7 years gone

My father casts a shifting shadow.  It has been 7 years since he was hit by a car; and his influence on my thoughts and actions continues to evolve.  My oldest daughter was still three years old when he died, and my youngest was in utero, 3 months from birth.  I think about him as a father, my father, as I struggle to father my children.  I like to think that I do the same things right, but unfortunately I struggle somewhat unsuccessfully to avoid doing the things he did wrong.

My dad and I tried to start writing a book together about children and parents finding ways to transition their relationship from a parent/child one to more of a peer based one.  I know that he was a great writer because of the wedding speech he gave at my wedding, but I haven’t read anything else of substance that he wrote.   Still, I was confident that we could find a way to pool our talents and perspectives into a powerful book.  I wanted to take a more pop culture/personal approach.  He started out by writing about the eminent psychologist Erikson and his study of the stages of life.  As a psychologist by trade he found it difficult to step outside that professional frame, and as someone who has always rebelled against doing things the right way I could not find my way inside it.  The book stalled, but working on it did help us to move our relationship forward.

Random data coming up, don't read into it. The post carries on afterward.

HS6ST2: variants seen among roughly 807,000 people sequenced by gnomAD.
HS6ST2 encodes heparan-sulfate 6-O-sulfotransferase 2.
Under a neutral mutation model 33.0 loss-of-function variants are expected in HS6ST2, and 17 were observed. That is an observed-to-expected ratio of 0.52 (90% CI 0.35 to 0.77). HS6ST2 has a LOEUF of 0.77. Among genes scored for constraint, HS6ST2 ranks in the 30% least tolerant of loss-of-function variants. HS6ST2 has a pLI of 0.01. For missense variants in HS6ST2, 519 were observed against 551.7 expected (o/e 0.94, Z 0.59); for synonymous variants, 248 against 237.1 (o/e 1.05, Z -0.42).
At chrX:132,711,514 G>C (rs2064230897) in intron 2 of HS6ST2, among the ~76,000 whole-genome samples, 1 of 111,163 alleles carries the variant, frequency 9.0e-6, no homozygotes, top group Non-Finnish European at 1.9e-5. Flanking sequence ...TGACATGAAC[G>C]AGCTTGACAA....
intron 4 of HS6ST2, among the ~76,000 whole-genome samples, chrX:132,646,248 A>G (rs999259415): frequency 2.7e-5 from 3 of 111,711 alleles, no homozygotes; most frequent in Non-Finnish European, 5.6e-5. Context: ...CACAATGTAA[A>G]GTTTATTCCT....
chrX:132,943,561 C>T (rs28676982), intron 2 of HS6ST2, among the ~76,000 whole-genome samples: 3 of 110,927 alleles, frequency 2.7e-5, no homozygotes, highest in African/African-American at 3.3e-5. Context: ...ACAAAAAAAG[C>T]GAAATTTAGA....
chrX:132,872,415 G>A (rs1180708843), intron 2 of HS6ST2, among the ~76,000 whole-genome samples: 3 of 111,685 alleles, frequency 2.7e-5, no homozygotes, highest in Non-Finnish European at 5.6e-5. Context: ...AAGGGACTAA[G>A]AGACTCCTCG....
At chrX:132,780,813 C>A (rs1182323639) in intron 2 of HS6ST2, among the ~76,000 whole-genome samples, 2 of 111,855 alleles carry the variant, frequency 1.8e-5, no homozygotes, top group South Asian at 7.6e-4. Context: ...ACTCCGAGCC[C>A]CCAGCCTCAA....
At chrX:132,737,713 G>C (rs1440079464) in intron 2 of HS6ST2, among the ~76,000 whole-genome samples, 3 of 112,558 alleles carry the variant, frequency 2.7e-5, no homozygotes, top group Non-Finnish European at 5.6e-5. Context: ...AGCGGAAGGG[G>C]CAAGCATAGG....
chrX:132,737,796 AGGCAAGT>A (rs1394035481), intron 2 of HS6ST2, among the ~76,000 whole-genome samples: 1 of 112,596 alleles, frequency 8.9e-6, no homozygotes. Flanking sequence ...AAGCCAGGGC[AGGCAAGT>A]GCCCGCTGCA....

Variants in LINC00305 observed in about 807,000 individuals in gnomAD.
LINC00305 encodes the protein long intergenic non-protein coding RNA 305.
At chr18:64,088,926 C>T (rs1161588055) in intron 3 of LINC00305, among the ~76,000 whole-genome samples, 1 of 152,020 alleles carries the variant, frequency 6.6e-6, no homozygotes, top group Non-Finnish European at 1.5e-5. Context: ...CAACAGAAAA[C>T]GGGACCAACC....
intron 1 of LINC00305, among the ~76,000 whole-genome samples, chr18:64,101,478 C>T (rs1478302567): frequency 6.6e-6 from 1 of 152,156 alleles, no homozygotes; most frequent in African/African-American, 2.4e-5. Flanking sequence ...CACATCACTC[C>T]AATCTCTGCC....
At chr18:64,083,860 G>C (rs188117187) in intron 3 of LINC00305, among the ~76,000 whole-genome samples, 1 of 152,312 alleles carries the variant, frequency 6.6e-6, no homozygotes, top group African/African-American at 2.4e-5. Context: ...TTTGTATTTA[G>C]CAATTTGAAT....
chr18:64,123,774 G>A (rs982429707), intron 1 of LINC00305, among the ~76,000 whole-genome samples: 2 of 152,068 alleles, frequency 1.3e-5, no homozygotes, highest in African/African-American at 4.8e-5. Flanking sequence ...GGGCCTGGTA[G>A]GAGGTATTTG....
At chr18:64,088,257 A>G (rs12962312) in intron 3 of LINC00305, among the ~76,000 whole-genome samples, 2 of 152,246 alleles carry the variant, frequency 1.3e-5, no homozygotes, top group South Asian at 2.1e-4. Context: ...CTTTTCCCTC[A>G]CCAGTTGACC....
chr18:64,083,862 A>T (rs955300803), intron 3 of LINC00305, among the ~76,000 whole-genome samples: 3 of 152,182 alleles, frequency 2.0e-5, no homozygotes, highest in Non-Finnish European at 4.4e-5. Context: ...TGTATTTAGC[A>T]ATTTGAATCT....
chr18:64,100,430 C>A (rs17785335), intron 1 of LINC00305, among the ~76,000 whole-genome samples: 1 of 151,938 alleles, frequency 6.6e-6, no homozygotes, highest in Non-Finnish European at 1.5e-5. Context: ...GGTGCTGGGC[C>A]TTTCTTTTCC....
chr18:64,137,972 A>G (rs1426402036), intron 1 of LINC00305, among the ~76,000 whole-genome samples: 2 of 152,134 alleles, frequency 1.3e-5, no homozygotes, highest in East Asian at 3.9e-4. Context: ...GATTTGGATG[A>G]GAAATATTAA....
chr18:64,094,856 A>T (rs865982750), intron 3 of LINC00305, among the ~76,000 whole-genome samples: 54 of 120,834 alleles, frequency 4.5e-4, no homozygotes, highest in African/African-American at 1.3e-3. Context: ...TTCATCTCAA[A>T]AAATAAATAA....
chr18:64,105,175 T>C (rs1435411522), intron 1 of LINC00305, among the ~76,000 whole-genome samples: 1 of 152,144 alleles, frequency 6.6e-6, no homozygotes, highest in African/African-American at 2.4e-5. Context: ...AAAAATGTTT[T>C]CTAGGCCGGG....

At a memorial service for him at the University where he taught for almost 40 years a former graduate student brought me the notes we had put together.  It’s been seven years and I haven’t had the time, or emotional resources, to tackle them.  She told me that he had asked her to type them up because he was excited about the project.  I was surprised that he had made the effort because it never seemed to me like he was taking it seriously.  In retrospect I can see that he worked a little bit like me; in fits and bursts.  Since we both worked that way there was no one really driving the ship and it just kind of stalled.

I’m going to get to those notes, if only to give myself a little more guidance on raising my own kids.  I also imagine that his writing was much more profound then I realized at the time.  I read that wedding speech this week and it such an open text that it means much more to me every time I read it.

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